This growth is not just a concern of sheer numbers. We recently reached the first time in history when more people live in cities than in rural areas – and most of the anticipated population growth in the coming 30 years is expected to happen in our cities. As more and more people move into urban environments, we will be stretching the limits of our energy, water and food supplies. Growing cities will require not just new power and water sources, but also the infrastructure to deliver reliable energy and clean water to billions more people. We will need affordable housing and adequate transportation for people and products, as well as systems to address concentrated urban waste and pollution in the air and water. And last but certainly not least, it will be essential to generate economic opportunities that ensure widespread global prosperity.

These are no small tasks. But the extraordinary challenges they represent are matched by the opportunities they offer to strengthen our economy, our health, our environment and our security. We also have what I see as both an opportunity and a responsibility to ensure that economic and environmental progress reaches into the most economically challenged and environmentally polluted communities around the globe. We should focus on those areas for reasons of justice and equality – because it is the right thing to do. But we also know that factors like poverty and resource shortages can lead to instability.

As you all have discussed at this conference, there are a number of paths for tackling the challenges ahead. To focus on just two: we need to ensure viable policies and institutions to protect health and the environment; and we need to ensure partnerships that enable stakeholders to work together on today’s environmental challenges.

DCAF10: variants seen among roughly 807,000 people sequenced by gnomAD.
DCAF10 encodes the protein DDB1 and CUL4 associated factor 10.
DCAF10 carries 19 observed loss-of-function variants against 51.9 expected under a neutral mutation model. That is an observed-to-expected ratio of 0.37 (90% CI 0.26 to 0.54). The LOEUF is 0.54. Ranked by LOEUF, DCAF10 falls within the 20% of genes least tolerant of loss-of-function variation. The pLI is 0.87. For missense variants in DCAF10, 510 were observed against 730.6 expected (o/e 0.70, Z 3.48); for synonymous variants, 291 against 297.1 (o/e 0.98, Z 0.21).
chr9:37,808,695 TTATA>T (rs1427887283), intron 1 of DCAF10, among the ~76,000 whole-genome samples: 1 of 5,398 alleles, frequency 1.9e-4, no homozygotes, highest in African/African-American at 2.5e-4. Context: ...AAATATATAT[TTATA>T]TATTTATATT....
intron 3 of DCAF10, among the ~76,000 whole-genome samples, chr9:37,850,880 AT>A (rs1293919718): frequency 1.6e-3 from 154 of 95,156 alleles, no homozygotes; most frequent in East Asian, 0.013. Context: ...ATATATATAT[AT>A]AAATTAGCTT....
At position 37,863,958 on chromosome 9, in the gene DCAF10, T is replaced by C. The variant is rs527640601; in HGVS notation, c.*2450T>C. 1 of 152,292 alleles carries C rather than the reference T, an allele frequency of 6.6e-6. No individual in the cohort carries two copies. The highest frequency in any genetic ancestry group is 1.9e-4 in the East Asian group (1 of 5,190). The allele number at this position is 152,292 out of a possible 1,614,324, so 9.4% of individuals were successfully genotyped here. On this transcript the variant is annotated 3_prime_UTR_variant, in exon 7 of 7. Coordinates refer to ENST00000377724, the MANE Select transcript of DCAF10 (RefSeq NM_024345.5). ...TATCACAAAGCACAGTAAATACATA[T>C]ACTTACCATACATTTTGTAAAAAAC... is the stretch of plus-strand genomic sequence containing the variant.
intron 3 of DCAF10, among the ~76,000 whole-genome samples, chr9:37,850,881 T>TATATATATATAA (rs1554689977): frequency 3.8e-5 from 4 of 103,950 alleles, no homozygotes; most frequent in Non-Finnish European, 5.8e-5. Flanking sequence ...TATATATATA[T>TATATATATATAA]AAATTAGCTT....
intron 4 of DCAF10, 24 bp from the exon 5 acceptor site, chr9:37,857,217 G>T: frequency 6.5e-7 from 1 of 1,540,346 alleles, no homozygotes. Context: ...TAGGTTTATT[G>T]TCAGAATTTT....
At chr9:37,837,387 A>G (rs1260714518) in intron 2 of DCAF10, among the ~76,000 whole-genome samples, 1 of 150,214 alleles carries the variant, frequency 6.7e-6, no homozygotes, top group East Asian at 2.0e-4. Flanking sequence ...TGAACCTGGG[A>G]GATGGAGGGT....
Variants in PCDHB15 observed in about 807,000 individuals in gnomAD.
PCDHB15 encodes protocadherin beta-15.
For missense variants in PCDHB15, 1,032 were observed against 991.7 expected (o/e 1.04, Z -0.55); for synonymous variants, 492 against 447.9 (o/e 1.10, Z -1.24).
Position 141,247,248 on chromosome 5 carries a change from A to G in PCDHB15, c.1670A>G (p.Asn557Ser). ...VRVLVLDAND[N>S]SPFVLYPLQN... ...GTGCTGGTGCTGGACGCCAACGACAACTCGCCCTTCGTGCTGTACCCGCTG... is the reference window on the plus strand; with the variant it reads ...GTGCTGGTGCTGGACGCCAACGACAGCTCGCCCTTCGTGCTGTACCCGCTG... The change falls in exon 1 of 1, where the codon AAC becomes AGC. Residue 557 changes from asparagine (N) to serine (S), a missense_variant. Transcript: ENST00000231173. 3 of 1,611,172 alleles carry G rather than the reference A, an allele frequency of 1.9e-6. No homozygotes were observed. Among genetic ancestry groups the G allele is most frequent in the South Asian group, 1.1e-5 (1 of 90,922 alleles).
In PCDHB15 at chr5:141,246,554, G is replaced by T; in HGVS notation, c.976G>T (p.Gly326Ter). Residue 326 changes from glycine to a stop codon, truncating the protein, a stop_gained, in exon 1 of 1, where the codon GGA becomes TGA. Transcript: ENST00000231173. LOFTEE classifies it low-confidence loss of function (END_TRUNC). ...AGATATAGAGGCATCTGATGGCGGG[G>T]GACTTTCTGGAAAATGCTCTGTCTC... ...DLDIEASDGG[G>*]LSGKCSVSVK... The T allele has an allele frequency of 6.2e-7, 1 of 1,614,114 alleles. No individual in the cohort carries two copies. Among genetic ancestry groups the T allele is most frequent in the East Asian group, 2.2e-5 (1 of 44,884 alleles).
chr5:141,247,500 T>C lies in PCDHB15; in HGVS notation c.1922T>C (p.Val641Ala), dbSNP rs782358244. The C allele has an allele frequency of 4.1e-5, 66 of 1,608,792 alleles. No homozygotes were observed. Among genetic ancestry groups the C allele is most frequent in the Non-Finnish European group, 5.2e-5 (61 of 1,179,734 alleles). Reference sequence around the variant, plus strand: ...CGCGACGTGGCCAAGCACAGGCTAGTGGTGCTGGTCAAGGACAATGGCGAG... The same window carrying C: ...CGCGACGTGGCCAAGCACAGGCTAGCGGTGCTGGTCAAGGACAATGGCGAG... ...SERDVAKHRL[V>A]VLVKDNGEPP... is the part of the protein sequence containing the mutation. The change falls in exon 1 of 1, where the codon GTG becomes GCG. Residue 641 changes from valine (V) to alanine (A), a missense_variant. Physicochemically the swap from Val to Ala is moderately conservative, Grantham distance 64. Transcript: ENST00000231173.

On the first point – if we are going to make significant progress in pursuing a more secure and sustainable world, we need to ensure effective standards, rules and policies that protect against damaging and dangerous pollutants and that promote investment in innovative green technologies. I have had the opportunity in recent years to travel around the world and speak with our international partners about building the best possible environmental protection mechanisms. That involves everything from supporting government-to-government initiatives through technical assistance and information sharing, as we have done with our counterparts in China, all the way to supporting the bottom-up community initiatives that are the foundation of environmental protection – like the Panel of Women Scientists in Ethiopia that I spoke to on a trip to Eastern Africa last year. It means working together to strengthen the effectiveness of environmental governance. We know that governments that involve their citizens, are transparent and efficient in their operations and are truly accountable for environmental results are the most effective at meeting the challenges we share.